Friday, April 23, 2010

The boy stood on the burning deck

For many years I genuinely believed the poem began:
The boy stood on the burning deck
The ship was sinking fast.
And as he stood there sinking too
His captain floated past.
In fact it's a little more Poetic than that. The poem - which, face it, just asks to be parodied - is "Casabianca" (not to be confused with the Bogart movie with a very similar but not quite identical name). The boy is the son of Captain Casabianca, captain of the French flagship Orient. The deck is burning because it's the Battle of the Nile, and in a few short minutes the flames will reach Orient's gunpowder stores and the ship will blow up quite spectacularly, killing the captain, the boy and most of the rest of the crew. True fact.

(The French fleet had moored bow-to-stern parallel to the shore, so that any enemy attack would have to be along one side only and they would have a reasonable chance of fighting off any aggressors. Nelson disgracefully worked out that there was space for some of his ships to sail between the line and the shore, so the French ships were attacked from both sides at once. Of such base, deceitful, unsporting treachery is one of the Royal Navy's greatest victories made.)

The boy cries out during the poem to his father, asking to be relieved of his station, but his father is either already dead or at least unconscious. No order comes, the boy holds his station to the bitter end and *BOOM*. With a choke in its voice and a catch in its throat, the poem concludes:

There came a burst of thunder sound
The boyoh! where was he?
Ask of the winds that far around
With fragments strewed the sea!

With mast, and helm, and pennon fair,
That well had borne their part
But the noblest thing which perished there
Was that young faithful heart.

Hmm. Let us leave aside such unPoetic questions as: how does the poet, who wasn't even there, know what the boy was doing? And, is that penultimate verse really meant to make you giggle?

Wikipedia tells me two useful things. One is Samuel Butler's thoughts on the poem:

"the moral of the poem was that young people cannot begin too soon to exercise discretion in the obedience they pay to their papa and mamma."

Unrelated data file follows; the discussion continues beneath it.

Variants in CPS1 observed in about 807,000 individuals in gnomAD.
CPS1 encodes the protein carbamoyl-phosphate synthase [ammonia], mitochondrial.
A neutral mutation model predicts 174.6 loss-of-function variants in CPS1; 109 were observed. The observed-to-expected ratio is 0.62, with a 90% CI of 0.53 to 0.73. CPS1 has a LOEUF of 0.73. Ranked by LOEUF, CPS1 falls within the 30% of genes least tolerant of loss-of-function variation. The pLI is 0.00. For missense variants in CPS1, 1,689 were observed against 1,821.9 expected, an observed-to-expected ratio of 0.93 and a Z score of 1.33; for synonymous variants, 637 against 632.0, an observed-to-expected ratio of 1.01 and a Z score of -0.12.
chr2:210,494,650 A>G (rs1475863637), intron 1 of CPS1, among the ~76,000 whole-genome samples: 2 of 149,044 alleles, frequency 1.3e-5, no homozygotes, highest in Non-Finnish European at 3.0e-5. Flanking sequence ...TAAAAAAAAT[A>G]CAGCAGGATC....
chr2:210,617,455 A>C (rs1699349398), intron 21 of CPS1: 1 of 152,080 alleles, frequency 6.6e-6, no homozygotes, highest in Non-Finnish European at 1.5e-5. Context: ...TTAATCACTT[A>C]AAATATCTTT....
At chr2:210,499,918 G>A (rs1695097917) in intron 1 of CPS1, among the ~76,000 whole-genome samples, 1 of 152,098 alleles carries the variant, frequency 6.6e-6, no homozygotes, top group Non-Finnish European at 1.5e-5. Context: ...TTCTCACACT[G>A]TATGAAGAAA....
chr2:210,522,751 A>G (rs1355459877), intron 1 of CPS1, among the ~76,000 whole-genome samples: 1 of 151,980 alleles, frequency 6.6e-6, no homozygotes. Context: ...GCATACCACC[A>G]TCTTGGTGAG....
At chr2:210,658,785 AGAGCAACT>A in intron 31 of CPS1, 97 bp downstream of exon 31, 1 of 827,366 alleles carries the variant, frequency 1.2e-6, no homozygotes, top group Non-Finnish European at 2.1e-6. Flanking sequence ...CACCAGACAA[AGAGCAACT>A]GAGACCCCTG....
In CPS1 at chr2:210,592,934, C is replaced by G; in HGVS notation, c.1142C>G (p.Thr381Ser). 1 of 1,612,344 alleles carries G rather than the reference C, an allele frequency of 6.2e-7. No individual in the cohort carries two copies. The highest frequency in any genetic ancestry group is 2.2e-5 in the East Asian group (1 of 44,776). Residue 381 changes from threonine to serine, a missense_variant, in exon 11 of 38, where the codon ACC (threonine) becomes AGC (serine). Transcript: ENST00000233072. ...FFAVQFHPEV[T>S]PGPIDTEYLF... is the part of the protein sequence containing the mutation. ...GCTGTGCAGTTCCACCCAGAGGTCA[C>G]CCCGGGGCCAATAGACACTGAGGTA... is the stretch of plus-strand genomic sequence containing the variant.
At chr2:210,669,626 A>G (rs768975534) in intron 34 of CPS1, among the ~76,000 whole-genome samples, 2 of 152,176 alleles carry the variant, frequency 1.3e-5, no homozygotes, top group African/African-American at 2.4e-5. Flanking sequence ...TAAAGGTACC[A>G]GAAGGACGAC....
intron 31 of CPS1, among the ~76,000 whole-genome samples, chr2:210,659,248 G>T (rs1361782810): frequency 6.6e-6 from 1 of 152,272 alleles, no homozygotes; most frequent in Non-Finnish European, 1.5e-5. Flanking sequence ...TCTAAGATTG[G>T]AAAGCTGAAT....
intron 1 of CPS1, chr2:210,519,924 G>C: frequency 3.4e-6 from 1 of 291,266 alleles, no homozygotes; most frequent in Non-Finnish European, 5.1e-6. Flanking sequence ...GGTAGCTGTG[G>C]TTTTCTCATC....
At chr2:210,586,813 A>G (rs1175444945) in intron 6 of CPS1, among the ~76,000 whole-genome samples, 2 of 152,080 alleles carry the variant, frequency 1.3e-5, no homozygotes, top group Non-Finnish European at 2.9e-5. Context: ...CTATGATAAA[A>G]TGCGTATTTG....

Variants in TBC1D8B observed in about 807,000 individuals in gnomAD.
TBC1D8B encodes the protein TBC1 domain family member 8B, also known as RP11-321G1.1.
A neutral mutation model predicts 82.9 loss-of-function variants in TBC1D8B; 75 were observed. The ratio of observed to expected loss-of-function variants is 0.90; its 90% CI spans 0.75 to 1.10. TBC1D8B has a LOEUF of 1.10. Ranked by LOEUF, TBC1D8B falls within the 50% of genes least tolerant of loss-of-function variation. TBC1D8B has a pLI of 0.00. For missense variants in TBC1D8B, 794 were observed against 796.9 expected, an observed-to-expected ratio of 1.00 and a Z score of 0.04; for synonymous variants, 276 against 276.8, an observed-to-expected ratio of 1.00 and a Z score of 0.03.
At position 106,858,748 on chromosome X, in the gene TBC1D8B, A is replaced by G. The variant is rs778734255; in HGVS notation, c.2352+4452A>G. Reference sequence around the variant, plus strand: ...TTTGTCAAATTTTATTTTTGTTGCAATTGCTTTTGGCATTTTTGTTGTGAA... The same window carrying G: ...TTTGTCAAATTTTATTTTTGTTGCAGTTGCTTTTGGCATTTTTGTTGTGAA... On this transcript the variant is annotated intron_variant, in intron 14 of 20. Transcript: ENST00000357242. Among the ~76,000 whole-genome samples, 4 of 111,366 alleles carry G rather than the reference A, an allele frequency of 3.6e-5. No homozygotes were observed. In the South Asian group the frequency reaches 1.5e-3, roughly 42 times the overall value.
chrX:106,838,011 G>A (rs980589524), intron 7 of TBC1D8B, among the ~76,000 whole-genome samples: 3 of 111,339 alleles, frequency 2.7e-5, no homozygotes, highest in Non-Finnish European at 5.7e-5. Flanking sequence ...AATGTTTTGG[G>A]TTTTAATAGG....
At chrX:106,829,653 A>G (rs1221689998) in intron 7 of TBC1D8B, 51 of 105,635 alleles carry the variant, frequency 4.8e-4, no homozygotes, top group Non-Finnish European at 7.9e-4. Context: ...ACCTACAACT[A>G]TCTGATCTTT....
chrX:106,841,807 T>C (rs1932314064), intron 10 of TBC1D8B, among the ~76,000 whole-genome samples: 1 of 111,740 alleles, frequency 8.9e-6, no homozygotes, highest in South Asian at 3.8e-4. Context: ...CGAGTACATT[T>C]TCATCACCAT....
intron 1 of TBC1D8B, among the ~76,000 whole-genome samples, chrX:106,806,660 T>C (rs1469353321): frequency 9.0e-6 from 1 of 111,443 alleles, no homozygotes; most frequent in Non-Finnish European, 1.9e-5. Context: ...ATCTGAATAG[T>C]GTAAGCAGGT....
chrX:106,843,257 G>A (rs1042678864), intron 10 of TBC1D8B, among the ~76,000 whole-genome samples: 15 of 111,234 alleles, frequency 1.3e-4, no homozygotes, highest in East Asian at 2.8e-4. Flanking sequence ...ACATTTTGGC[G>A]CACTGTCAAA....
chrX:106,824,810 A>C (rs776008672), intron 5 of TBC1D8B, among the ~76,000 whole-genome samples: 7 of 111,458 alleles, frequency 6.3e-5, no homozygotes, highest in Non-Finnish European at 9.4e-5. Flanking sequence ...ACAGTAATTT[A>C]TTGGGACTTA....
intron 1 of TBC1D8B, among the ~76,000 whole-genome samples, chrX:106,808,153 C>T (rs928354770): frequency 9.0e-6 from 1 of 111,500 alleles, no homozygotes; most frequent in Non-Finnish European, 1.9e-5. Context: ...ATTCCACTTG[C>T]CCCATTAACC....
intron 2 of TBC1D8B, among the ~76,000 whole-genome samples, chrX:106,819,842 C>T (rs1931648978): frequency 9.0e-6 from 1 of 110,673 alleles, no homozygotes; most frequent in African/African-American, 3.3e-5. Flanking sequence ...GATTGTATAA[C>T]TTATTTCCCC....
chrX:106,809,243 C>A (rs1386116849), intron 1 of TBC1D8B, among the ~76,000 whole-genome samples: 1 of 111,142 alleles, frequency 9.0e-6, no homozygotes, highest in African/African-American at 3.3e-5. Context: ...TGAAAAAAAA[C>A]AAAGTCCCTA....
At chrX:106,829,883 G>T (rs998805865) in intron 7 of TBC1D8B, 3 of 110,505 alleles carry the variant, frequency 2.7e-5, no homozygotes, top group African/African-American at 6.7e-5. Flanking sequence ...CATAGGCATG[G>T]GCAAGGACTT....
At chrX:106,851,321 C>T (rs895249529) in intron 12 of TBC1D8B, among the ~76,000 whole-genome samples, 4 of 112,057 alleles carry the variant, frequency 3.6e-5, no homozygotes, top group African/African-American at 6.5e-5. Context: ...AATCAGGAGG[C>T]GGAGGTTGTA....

The other is that, during the action, the boy's leg was apparently blown off. All of a sudden another possible explanation for his immobility becomes apparent.

The boy lay on the burning deck
His other leg lay near ...

I'm probably missing the point entirely.


  1. The boy stood on the burning deck
    A braver lad than most
    He said, "It's rather warm for feet
    But great for making toast!"


  2. Please say you're here all week.

  3. Ah, you love it. Search your feelings - you know it to be true.

    Have you heard the Adric version? It was (re)printed in a big DW fanzine anthology edited by Paul Cornell. Can you resist asking for more details?

  4. Not only can I not resist, I hadn't realised until now how empty my life is.

  5. That's the spirit.

    Just putting you on hold while I retrieve the book:

    The boy stood on the burning deck
    Frightened out of his wits
    And when the ship blew up, he did
    The most amazing splits.

    Now then. This item was written by Val Douglas, originally printed in Frontier Worlds #17 and reprinted in Licence Denied (ed Cornell). I reproduce it here on the basis that both the above are OOP and unavailable, although if you should ever see a copy of Licence Denied, I urge you to pick it up, and swiftly. Here goes:

    The boy stood on the freighter deck
    Whence all but he had gone;
    Upon a lone, dead Cyberman
    Control bank lighting shone.

    Yet muttering to himself he stood,
    A proud and noble sight,
    Though clad in working garments rude
    Of sunshine yellow bright.

    The planet loomed - he would not flee
    Until the codes he'd cracked;
    He'd done two - now for number three.
    (He was a stubborn brat.)

    The ship blew in Earth's atmosphere -
    Young Adric - where was he?
    Ask of the man who sweeps the sets
    Down at the BBC.

  6. *Sobs* That's just beautiful.

  7. I have more that I wish to share with you. I may or may not then go away. Please just remember which one of us started this :)

    The boy stood on the burning deck,
    A would-be unsung hero;
    The legend says they found his hat
    In Rio de Janeiro.

    And I'm sure you've already heard (or can complete for yourself):

    The boy stood on the burning deck
    Next to a box of crackers...

  8. I wouldn't say go away to a friend. I might however start posting positively massive Dr Who spoilers, or even anonymously emailing them to you disguised as Nigerian spam. Shall we call it quits?

  9. ...the boy shuffled truculently off the burning deck...

  10. you should read elizabeth bishop's continuation of the casabianca legend:

    Love's the boy stood on the burning deck
    trying to recite `The boy stood on
    the burning deck.' Love's the son
    stood stammering elocution
    while the poor ship in flames went down.

    Love's the obstinate boy, the ship,
    even the swimming sailors, who
    would like a schoolroom platform, too,
    or an excuse to stay
    on deck. And love's the burning boy.

    I think that you're looking at the poem too literally. Hemans was a poet who was forced to rush writing her poetry because she needed the money. She was a single mother who produced several volumes of poetry in a short period of time to maximise profit. She really couldn't spend too long editing/ getting to the core of the poem. At its basis, it's a poem about a boy whose faith in love leads to his death. It's about the beauty of destruction.

    Well. Take from it what you will.


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